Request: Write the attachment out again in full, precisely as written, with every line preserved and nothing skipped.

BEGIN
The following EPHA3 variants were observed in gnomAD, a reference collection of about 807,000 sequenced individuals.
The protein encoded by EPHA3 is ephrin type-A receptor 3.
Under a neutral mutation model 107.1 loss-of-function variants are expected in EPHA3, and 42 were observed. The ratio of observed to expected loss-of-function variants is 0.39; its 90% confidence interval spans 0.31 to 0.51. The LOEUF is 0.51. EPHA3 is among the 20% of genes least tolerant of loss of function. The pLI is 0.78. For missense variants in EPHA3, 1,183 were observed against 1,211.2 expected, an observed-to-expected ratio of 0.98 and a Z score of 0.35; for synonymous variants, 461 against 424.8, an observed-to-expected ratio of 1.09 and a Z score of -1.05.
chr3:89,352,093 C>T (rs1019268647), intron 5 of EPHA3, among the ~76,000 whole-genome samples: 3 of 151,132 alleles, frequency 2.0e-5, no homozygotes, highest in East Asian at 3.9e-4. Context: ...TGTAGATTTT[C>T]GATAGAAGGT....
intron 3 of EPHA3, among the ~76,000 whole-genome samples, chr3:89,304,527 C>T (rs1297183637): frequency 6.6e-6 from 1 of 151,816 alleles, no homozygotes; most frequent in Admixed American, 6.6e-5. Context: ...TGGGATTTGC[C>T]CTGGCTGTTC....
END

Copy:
The following EPHA3 variants were observed in gnomAD, a reference collection of about 807,000 sequenced individuals.
The protein encoded by EPHA3 is ephrin type-A receptor 3.
Under a neutral mutation model 107.1 loss-of-function variants are expected in EPHA3, and 42 were observed. The ratio of observed to expected loss-of-function variants is 0.39; its 90% confidence interval spans 0.31 to 0.51. The LOEUF is 0.51. EPHA3 is among the 20% of genes least tolerant of loss of function. The pLI is 0.78. For missense variants in EPHA3, 1,183 were observed against 1,211.2 expected, an observed-to-expected ratio of 0.98 and a Z score of 0.35; for synonymous variants, 461 against 424.8, an observed-to-expected ratio of 1.09 and a Z score of -1.05.
chr3:89,352,093 C>T (rs1019268647), intron 5 of EPHA3, among the ~76,000 whole-genome samples: 3 of 151,132 alleles, frequency 2.0e-5, no homozygotes, highest in East Asian at 3.9e-4. Context: ...TGTAGATTTT[C>T]GATAGAAGGT....
intron 3 of EPHA3, among the ~76,000 whole-genome samples, chr3:89,304,527 C>T (rs1297183637): frequency 6.6e-6 from 1 of 151,816 alleles, no homozygotes; most frequent in Admixed American, 6.6e-5. Context: ...TGGGATTTGC[C>T]CTGGCTGTTC....